Retirement can last more than 20 years, yet many people don’t have enough money saved to get through one decade, let alone two. Consider this: working-age households have, on average, $3,000 saved for retirement, while people nearing retirement have $12,000, according to the National Institute on Retirement Security. In fact, the NIRS pegs the retirement savings deficit in the U.S. at anywhere from $6.8 trillion to $14.0 trillion. The result: millions of Americans who are woefully unprepared for retirement.

Much of what you’ll need in retirement depends on your unique circumstances, including your debt, housing costs, medical needs and discretionary spending desires. But whether you’ve saved a ton of money or only a little bit, you’ll want to see it last.

Stretching your retirement dollars takes many forms. There’s the drastic: downsizing your lifestyle. And there’s the savvy: taking advantage of senior discounts. Not to mention a whole bunch of strategies in between. With that in mind, here’s a look at five ways to ensure you don’t outlive your retirement savings.

1. Downsize Your Lifestyle

Having a steady cash flow in retirement is priority number one, but for many retirees achieving that comes at a cost: a downgraded lifestyle. Depending on your financial situation, downsizing may be the only option. It can be as major as selling your home and moving into a smaller apartment, or as minor as skipping that cup of java at the local coffee shop each morning.

“Key considerations include downsizing your home, eating out less and buying used instead of brand new vehicles. Evaluating certain insurance policies such as healthcare, auto and home are also important in making sure you are staying within your personal budget,” says Mark Hebner, founder and president of Index Fund Advisors, Inc. in Irvine, Calif., and author of “Index Funds: The 12-Step Recovery Program for Active Investors.”

There are a number of ways to cut discretionary spending, which can go a long way in freeing up cash each month. (For more, see: 7 Expenses You Can Ditch in Retirement.)

2. Stay Healthy

Retirees face a number of expenses when they exit the workforce and a significant one can be healthcare. According to the Employee Benefit Research Institute, a couple with average drug expenses would need $158,000 for a 50% chance of having enough money for healthcare costs in retirement. If the couple saved $271,000, that increases the odds to 90%. That doesn’t take into account the cost of unexpected injuries or sudden illnesses. While some of those medical costs are out of your control, some aren’t. Living a healthy lifestyle will go a long way in keeping healthcare costs down. (For more, see: Planning for Healthcare Costs in Retirement.) Getting prescriptions for generic drugs instead of brand name ones, joining drug discount clubs and shopping around for your healthcare, are all ways to reduce your medical expenses.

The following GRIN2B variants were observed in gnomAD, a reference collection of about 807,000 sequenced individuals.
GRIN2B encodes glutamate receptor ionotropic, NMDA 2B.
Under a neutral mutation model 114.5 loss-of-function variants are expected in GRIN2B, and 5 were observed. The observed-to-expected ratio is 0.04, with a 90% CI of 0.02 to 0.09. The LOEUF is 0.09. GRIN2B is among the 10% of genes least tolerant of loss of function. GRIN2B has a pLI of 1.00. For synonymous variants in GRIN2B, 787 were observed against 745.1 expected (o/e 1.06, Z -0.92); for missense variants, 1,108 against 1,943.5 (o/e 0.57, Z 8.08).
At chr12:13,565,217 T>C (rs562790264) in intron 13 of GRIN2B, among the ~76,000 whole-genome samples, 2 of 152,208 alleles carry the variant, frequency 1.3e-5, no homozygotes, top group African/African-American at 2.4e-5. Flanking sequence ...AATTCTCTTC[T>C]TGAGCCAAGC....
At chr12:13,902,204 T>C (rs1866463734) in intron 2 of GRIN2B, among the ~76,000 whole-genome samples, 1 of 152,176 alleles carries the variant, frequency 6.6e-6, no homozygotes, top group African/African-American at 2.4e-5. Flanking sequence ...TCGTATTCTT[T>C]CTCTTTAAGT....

3. Take Advantage of Senior Discounts

There’s a huge range of discounts offered to seniors, including reduced travel rates, deals on dining and entertainment and even lower insurance premiums. Finding deals “is as simple as asking,” says Hebner. “While not everyone offers a senior discount, most seniors overpay for certain services just because they didn’t know a particular discount existed in the first place.”

The Internet is also a great resource. There are a slew of websites you can check out to see where the deals are. Senior Discounts So Soon? will give you some places to start. You can also save a lot of money on entertainment by utilizing your own community. Libraries and community centers often offer free or discounted entertainment, whether it’s a movie showing, live theater, or workshops and classes.

4. Keep Investment Fees in Check

With the prospect of retirement lasting 20 years or more, odds are you’ll keep your savings invested during your golden years. Because of that, you want to make sure your portfolio is invested properly and that you aren’t over paying in fees. Ideally, you want the expense ratio to be 1% or less. Pay more than that, and it could be a big drag on your retirement income. It’s also a good idea to take stock of your investment accounts to cut any redundant fees you may have. (For more, see: 4 Ways to Avoid Retirement Plan Fees.)

“Investment fees can potentially diminish your retirement savings by thousands of dollars. Apps such as FeeX search the market for low-fee alternatives with similar risk and better past returns. Financial advisors should conduct yearly reviews with their clients, give an overview of the costs by using their services and, if appropriate, be willing to negotiate a smaller fee or find lower cost alternative investments,” says Carlos Dias Jr., wealth manager at Excel Tax & Wealth Group in Lake Mary, Fla.

5. Delay Collecting Social Security

Delaying when you start taking Social Security beyond your retirement age may not seem like a smart way to stretch your post-working dollars, but the longer you wait to start drawing, the more you’ll get in the long run. According to the Social Security Administration, if you were born in 1943 or later and delay collecting Social Security benefits beyond your retirement age, you’ll see an 8% annual increase each year until age 70.

“Delaying Social Security and coordinating retirement accounts first is the most effective way to collect more. Not only are you growing your Social Security by up to 32%, taxation on benefits might either be minimized or diminished by using this strategy,” says Dias.

The Bottom Line

Retirees will increasingly need to stretch their savings. Not only do Americans need to be putting more money away, pre-retirement, but we're going to have to get creative to make that money last.

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